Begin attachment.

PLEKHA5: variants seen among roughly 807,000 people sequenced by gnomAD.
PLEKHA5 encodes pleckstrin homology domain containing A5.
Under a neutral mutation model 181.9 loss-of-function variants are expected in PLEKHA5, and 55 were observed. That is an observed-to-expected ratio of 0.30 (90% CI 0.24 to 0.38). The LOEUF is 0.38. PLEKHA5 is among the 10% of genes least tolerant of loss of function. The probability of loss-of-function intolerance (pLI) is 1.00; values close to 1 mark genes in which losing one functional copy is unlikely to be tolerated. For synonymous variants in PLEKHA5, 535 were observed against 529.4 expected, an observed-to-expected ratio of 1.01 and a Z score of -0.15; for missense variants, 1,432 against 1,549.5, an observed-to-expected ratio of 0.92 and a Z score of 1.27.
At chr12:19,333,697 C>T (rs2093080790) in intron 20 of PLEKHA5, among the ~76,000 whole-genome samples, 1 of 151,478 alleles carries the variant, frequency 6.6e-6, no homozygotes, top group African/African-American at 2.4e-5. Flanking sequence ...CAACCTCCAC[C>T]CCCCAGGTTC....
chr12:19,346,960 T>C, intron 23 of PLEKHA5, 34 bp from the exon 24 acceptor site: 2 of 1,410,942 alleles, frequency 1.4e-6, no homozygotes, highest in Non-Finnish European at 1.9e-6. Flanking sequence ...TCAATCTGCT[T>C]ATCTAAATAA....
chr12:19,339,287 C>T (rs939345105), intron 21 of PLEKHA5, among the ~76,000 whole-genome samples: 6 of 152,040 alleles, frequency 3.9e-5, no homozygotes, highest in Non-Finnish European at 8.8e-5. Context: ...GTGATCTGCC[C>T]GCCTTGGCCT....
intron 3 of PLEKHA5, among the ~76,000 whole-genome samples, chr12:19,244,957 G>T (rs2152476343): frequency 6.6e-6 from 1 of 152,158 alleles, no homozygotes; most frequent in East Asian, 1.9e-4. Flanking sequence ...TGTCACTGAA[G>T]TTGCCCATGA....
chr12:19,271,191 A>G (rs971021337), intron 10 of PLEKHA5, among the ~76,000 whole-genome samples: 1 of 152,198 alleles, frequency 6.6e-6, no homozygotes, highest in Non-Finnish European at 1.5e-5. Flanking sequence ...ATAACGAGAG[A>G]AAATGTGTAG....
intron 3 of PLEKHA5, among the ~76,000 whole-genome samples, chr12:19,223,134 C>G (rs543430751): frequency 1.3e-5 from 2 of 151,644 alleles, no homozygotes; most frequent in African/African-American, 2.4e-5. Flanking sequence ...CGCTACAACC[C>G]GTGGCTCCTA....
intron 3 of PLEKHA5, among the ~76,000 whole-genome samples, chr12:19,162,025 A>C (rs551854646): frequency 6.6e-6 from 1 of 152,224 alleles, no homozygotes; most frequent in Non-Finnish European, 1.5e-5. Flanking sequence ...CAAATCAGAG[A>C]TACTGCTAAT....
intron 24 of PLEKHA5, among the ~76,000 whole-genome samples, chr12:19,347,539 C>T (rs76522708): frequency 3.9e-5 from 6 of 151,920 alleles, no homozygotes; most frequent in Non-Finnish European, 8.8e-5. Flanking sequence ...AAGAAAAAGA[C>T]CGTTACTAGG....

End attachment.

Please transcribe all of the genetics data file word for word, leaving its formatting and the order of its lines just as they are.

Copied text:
PLEKHA5: variants seen among roughly 807,000 people sequenced by gnomAD.
PLEKHA5 encodes pleckstrin homology domain containing A5.
Under a neutral mutation model 181.9 loss-of-function variants are expected in PLEKHA5, and 55 were observed. That is an observed-to-expected ratio of 0.30 (90% CI 0.24 to 0.38). The LOEUF is 0.38. PLEKHA5 is among the 10% of genes least tolerant of loss of function. The probability of loss-of-function intolerance (pLI) is 1.00; values close to 1 mark genes in which losing one functional copy is unlikely to be tolerated. For synonymous variants in PLEKHA5, 535 were observed against 529.4 expected, an observed-to-expected ratio of 1.01 and a Z score of -0.15; for missense variants, 1,432 against 1,549.5, an observed-to-expected ratio of 0.92 and a Z score of 1.27.
At chr12:19,333,697 C>T (rs2093080790) in intron 20 of PLEKHA5, among the ~76,000 whole-genome samples, 1 of 151,478 alleles carries the variant, frequency 6.6e-6, no homozygotes, top group African/African-American at 2.4e-5. Flanking sequence ...CAACCTCCAC[C>T]CCCCAGGTTC....
chr12:19,346,960 T>C, intron 23 of PLEKHA5, 34 bp from the exon 24 acceptor site: 2 of 1,410,942 alleles, frequency 1.4e-6, no homozygotes, highest in Non-Finnish European at 1.9e-6. Flanking sequence ...TCAATCTGCT[T>C]ATCTAAATAA....
chr12:19,339,287 C>T (rs939345105), intron 21 of PLEKHA5, among the ~76,000 whole-genome samples: 6 of 152,040 alleles, frequency 3.9e-5, no homozygotes, highest in Non-Finnish European at 8.8e-5. Context: ...GTGATCTGCC[C>T]GCCTTGGCCT....
intron 3 of PLEKHA5, among the ~76,000 whole-genome samples, chr12:19,244,957 G>T (rs2152476343): frequency 6.6e-6 from 1 of 152,158 alleles, no homozygotes; most frequent in East Asian, 1.9e-4. Flanking sequence ...TGTCACTGAA[G>T]TTGCCCATGA....
chr12:19,271,191 A>G (rs971021337), intron 10 of PLEKHA5, among the ~76,000 whole-genome samples: 1 of 152,198 alleles, frequency 6.6e-6, no homozygotes, highest in Non-Finnish European at 1.5e-5. Flanking sequence ...ATAACGAGAG[A>G]AAATGTGTAG....
intron 3 of PLEKHA5, among the ~76,000 whole-genome samples, chr12:19,223,134 C>G (rs543430751): frequency 1.3e-5 from 2 of 151,644 alleles, no homozygotes; most frequent in African/African-American, 2.4e-5. Flanking sequence ...CGCTACAACC[C>G]GTGGCTCCTA....
intron 3 of PLEKHA5, among the ~76,000 whole-genome samples, chr12:19,162,025 A>C (rs551854646): frequency 6.6e-6 from 1 of 152,224 alleles, no homozygotes; most frequent in Non-Finnish European, 1.5e-5. Flanking sequence ...CAAATCAGAG[A>C]TACTGCTAAT....
intron 24 of PLEKHA5, among the ~76,000 whole-genome samples, chr12:19,347,539 C>T (rs76522708): frequency 3.9e-5 from 6 of 151,920 alleles, no homozygotes; most frequent in Non-Finnish European, 8.8e-5. Flanking sequence ...AAGAAAAAGA[C>T]CGTTACTAGG....